10 Good Reasons To Use Email And Web Surveys

Beyond • June 18, 2009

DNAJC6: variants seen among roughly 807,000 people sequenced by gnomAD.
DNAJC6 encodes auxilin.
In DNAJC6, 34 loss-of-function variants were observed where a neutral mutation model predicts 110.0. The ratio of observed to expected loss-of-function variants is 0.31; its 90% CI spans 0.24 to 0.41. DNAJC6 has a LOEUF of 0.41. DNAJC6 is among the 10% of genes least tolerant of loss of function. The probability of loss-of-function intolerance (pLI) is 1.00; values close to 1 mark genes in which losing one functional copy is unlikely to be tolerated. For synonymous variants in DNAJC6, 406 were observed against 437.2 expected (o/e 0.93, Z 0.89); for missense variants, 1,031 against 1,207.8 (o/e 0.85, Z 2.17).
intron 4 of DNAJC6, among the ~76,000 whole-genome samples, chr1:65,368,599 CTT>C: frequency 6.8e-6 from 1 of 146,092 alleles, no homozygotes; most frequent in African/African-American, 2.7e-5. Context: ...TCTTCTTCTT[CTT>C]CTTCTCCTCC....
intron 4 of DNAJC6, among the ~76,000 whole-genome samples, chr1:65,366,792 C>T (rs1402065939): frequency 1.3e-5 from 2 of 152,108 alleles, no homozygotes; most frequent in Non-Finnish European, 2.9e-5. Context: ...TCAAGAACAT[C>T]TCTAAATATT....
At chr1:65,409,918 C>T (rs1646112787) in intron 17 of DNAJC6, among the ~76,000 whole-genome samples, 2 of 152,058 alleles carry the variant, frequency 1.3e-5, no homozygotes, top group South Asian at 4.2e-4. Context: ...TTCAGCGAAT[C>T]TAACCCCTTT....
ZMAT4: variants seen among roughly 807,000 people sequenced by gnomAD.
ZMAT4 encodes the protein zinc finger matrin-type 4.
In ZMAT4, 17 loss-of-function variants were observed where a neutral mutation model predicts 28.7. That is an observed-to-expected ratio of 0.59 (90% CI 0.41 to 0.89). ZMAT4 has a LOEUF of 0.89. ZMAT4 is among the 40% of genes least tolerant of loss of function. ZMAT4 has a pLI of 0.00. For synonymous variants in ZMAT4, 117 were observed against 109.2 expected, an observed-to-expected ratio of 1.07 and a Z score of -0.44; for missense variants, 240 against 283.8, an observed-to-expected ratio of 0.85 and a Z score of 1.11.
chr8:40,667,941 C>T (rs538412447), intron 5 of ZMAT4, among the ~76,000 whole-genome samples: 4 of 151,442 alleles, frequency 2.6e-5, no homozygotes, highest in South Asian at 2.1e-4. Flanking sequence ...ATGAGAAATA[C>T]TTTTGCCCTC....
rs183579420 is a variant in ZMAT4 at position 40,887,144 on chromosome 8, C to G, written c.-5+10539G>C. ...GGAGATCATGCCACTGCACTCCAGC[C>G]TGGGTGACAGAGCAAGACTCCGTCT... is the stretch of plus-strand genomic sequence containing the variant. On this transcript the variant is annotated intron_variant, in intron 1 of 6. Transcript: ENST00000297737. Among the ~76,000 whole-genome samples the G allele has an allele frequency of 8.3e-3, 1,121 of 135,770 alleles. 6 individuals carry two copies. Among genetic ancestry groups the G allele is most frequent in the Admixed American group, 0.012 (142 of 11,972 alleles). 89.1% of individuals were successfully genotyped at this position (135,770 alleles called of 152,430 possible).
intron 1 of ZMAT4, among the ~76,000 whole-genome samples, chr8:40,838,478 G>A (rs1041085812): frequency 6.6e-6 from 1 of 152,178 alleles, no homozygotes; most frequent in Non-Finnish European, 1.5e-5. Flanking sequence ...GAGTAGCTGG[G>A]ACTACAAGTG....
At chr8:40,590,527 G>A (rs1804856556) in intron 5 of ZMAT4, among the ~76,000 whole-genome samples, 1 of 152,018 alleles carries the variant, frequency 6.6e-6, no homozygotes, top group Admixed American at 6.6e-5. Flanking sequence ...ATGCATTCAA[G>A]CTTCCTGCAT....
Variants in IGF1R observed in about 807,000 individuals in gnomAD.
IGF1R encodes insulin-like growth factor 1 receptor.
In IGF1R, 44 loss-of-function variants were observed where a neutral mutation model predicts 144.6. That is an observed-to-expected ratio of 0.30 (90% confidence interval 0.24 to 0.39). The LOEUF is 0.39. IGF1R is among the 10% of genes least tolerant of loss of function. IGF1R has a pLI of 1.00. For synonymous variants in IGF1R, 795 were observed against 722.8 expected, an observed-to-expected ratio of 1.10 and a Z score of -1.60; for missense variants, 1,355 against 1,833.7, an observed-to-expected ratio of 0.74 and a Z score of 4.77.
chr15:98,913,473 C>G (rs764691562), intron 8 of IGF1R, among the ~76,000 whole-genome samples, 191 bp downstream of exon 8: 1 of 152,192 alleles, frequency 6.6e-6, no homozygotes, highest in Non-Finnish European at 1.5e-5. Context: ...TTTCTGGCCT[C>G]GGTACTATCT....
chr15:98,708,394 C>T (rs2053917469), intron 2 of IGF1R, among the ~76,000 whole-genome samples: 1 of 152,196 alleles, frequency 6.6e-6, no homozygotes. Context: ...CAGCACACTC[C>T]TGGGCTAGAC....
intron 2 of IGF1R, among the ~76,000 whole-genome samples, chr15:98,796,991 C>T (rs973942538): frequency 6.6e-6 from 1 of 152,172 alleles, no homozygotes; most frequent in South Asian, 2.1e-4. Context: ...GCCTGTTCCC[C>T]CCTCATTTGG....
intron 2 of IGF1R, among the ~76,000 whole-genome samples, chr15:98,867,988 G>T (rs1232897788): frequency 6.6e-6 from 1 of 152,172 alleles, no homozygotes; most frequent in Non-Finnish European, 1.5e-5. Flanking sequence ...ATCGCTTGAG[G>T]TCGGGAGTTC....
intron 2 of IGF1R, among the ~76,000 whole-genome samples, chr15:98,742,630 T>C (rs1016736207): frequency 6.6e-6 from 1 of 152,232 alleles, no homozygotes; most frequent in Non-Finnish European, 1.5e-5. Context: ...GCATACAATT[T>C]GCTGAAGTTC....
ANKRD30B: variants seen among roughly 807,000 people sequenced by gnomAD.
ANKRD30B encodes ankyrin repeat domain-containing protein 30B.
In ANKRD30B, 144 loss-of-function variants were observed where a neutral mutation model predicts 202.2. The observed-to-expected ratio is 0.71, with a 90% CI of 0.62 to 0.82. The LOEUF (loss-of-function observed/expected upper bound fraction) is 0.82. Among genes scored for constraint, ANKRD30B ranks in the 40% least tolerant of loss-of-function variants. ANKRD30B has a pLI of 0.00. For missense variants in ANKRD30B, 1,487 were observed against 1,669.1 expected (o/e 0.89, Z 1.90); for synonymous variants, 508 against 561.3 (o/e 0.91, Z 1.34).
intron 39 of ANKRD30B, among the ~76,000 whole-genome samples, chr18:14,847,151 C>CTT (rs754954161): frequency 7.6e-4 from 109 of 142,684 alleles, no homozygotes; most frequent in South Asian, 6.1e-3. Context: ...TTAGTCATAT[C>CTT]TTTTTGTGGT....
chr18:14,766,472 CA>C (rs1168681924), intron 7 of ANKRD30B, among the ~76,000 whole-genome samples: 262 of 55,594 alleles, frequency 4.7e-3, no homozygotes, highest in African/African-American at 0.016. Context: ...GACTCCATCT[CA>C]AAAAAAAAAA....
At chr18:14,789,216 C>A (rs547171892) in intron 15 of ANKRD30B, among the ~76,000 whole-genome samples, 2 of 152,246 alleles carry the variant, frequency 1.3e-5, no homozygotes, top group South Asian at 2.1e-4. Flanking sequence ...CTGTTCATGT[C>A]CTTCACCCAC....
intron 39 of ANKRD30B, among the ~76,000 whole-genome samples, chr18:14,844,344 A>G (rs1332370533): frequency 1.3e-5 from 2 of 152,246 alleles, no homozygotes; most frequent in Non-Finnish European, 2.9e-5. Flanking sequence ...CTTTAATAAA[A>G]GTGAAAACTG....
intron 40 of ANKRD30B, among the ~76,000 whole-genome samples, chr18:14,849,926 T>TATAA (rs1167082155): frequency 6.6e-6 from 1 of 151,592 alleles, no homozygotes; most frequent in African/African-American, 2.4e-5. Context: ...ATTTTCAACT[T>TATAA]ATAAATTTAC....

At the moment, it\'s safe to say that email and Web-based surveys are the cheapest and most effective ways to get that data you crave. Sure, people still use phone telemarketers and snail mail surveys, but with the incredible number of people using the Internet across the globe, it would be foolish to overlook the ability to track people down and ask them questions via that medium. More than anything, however, Internet and email-based surveys give your customers a chance to give thorough, well thought-out answers, and you the chance to view those answers showing up in real time. Here are our top 10 reasons to use email and Web surveys: 1. Gather Feedback Perhaps you\'ve wondered why the product you bought in bulk is just not selling. Maybe you\'re confused on why customers visit a certain page on your Website and then drop off, abandoning their shopping carts. With Web surveys, you can gather the feedback you need to find out for sure. 2. Figure out what products to carry next Need a handle on what products will sell and what ones won\'t? Send a survey asking customers what they\'d like to see on your virtual shelves. 3. Streamline your order and checkout process Which steps in the order and checkout process are unnecessary? Which steps make sense, but maybe should take place outside the order fulfillment process? Use a Web survey at checkout to re-shape and shrink the checkout process. 4. Measure customer morale Are your customers over the moon about your next line of products or just blah? Do you need to try something new to get your customers excited about your company? Measure morale and create a future plan based on that data. 5. Gather testimonials Are customer singing your praises? Use a survey to find out why. Once you\'ve gotten the data you need, contact the most enthusiastic customers and invite them to create video or text-based testimonials. 6. Find out what peer companies are up to Let\'s face it: you can\'t ask your competitor companies which products and customer service techniques are working for them. But you can ask your customers the same questions and get the answers you need to adjust your own methods. 7. Adjust your customer service contact channels Do you need more people on the phones on the weekends? Should you invest in a live chat team? These questions matter. By crafting a customer service-based survey you can not only hire the people and rent/buy the technology you need, but stay competitive in your business sphere. 8. Price your goods Don\'t over or under-charge for your stuff - ask your customers what prices work for them and adjust your prices accordingly. Stay competitive with this information. 9. Dump unpopular products and find out why some items are slow-sellers If you have crates of items just sitting around the warehouse not selling, there may be a specific reason why. Use a survey to poll customers on certain slow-selling products. 10. Set realistic company goals Customer opinion is a great way to shape your company, down to what types of positions get filled to how many people you\'ll need to keep customers happy and the shelves stocked with goods. Gather this data and use it to move up the ranks among your competitors.